Wink clients and Unit Testing JAX-RS Services

December 4, 2009

In a previous posting I described how I exercised my RESTful services using the Firefox extension Poster and also by calling the service from JavaScript in the browser using the Dojo framework. Poster is especially useful because we can very quickly exercise a service. However for testing I want something more:

  1. To repeatedly run a set of tests covering a variety of inputs.
  2. To specify expected outcomes for these test. Using just Poster I must inspect the values by eye, which is error prone.

In other words I want to use a tool such as JUnit. To do that we need to be able to write Java clients of our RESTful services. This is not something directly addressed by the JAX-RS specification, however the Apache Wink framework does include APIs that enable writing clients of a RESTful service. So in the remainder of this post I will explain how I created tests for my service.

Wink Libraries

Previously, when using Wink in a JEE application deployed to WebSphere I copied Wink libraries into WEB-INF/lib directory of the Web Application, and hence these libraries were available at both compile time and runtime. The JUnit tests run as stand-alone Java applications and can pick up the Wink libraries from classpaths specified in RAD. There’s quite a few ways of doing that, for example simply referring to the JARs whereever Apache Wink was downloaded, or creating a User Library. My preference is to set up projects that can be checked into CVS and checked out by any developer, with no dependencies on external downloads.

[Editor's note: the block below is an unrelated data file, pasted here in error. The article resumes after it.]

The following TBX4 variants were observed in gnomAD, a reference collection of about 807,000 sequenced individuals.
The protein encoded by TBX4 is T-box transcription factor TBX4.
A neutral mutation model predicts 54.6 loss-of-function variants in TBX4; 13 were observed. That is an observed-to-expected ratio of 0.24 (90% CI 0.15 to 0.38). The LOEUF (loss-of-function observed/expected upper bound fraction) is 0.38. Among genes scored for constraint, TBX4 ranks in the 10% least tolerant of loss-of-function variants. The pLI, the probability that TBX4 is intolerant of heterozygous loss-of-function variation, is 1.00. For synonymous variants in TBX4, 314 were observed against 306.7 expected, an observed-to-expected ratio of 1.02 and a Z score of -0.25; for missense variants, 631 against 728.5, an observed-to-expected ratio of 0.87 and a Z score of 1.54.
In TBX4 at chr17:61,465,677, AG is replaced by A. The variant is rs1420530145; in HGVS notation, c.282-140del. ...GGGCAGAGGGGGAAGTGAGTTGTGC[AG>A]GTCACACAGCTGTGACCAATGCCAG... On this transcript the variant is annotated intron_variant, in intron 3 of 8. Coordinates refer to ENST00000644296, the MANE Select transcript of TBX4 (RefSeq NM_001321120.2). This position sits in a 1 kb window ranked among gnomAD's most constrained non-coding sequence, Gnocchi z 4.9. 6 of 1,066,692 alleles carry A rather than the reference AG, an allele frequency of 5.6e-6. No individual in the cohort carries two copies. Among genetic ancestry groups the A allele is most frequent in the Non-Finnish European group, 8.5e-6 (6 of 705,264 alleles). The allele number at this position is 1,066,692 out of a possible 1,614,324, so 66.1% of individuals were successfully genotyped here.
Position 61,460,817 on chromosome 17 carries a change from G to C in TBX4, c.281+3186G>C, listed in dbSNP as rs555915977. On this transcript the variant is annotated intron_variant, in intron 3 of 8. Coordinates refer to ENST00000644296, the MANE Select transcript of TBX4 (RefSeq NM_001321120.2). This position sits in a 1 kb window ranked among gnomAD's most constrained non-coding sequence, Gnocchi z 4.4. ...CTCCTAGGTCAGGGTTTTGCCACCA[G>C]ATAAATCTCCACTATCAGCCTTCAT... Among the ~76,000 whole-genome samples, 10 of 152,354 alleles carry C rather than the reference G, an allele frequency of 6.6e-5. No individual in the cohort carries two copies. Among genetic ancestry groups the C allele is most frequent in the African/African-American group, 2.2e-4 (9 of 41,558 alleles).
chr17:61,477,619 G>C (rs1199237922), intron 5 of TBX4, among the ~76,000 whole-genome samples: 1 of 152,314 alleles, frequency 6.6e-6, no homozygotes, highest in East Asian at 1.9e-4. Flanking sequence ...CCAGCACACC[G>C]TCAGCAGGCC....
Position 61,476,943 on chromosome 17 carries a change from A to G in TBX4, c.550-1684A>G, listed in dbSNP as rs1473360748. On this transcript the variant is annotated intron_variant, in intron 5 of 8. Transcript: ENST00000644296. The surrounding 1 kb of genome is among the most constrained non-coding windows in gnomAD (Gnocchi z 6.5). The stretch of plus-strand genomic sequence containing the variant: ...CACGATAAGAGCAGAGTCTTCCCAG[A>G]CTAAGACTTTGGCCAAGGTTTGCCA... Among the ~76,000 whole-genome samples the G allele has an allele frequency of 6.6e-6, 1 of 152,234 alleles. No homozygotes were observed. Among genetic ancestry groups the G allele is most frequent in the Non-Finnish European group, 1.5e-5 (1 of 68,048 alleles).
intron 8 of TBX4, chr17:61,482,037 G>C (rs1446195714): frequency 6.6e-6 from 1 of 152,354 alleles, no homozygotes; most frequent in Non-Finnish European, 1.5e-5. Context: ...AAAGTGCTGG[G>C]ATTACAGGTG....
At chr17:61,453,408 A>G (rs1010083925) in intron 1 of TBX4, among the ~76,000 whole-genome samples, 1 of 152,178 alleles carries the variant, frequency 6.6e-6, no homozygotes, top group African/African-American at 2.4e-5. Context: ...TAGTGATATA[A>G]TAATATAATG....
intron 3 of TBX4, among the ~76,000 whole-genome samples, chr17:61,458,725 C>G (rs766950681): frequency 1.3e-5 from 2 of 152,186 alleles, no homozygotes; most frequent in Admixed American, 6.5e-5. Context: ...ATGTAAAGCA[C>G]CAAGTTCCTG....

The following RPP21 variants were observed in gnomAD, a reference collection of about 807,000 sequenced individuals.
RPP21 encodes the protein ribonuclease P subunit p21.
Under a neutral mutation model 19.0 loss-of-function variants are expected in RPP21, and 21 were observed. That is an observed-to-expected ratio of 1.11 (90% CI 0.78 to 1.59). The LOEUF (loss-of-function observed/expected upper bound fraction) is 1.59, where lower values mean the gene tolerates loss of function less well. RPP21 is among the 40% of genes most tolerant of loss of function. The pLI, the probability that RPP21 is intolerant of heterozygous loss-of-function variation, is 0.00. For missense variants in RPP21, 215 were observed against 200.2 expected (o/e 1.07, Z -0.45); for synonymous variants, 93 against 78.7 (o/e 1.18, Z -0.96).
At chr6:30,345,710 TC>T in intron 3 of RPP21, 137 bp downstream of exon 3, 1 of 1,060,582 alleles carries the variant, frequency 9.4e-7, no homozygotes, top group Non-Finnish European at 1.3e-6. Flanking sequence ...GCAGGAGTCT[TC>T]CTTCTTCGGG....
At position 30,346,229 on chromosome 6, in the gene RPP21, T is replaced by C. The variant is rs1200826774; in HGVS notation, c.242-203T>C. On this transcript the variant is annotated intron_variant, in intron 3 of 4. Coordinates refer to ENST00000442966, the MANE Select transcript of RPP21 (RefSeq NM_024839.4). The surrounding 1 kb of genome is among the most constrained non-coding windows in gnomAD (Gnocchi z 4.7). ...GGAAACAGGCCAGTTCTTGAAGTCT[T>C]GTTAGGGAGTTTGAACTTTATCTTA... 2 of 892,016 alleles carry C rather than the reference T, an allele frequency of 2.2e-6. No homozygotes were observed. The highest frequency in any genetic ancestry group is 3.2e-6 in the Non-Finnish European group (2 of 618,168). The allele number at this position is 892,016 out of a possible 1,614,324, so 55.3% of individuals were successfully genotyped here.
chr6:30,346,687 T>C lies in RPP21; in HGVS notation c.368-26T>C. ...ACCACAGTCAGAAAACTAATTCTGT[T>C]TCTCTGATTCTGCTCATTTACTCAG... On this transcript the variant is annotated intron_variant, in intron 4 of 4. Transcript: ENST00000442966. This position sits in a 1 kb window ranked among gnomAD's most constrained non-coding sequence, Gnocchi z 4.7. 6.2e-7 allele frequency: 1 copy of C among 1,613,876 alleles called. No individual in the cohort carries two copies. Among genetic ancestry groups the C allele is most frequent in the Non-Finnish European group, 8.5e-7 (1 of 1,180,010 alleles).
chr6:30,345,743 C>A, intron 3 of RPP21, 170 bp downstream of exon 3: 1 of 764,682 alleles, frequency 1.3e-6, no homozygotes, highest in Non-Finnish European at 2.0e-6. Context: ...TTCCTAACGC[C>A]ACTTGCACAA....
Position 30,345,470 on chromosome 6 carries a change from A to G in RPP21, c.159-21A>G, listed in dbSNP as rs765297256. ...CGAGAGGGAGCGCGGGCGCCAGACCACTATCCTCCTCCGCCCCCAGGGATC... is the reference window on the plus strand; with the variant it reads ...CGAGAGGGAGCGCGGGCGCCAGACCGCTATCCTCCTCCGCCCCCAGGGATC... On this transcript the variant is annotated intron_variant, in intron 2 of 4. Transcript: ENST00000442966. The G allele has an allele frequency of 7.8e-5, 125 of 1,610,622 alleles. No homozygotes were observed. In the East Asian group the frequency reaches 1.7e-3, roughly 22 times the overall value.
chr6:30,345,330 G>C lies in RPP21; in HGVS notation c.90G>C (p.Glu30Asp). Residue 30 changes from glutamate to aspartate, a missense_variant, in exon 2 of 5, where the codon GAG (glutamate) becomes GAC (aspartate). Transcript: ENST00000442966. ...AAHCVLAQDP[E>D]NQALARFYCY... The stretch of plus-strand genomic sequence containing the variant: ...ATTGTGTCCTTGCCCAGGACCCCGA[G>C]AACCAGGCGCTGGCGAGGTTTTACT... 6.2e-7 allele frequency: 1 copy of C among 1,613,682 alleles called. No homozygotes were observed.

Hence I created an Apache Wink project and copied the Wink download to that project.


I then set up the project build path to refer to the JARs needed from that project. I select the project and then

    rightClick –> Properties –> Java Build Path –> Libraries Tab

Then Add Jars and select JAR files from the Apache Wink project.


These JARs include the APIs we use directly and so are needed on the Build Path


Additionally, we need the JSON and logging libraries at runtime. It’s convenient to add these libraries to the Build Path (even though we don’t need them at build time) because then simple “Run As” commands pick up the correct runtime classpath.

    slf4j-simple-1.5.8.jar (or slf4j-jdk14-1.5.8.jar from here)


Note that If we now check the ApacheWink and the test project into CVS we can create a Project Set File for those two projects which can be checked out by any developer and they immediately have a complete working test program, with no external dependencies.

Next I completed setting up the Build Path by enabling the use of JUnit 4 …

JUnit 4

Still in the Libraries tab and click Add Library, select JUnit and click Next. From the drop-down select JUnit 4 and click Finish. I prefer JUnit 4 to JUnit 3, it’s use of annotations simplifies developing tests.

Client Code

Now to write the test. We are going to invoke the service operation which retrieves the state of a Book Edition with a particular isbn


And in our client we need a Java object that corresponds to the state returned. In the server code we already have a suitable Java Bean and so I simply copied that code into my Test (that’s just a temporary expedient, clearly it would be better to refactor shared code to a common library.)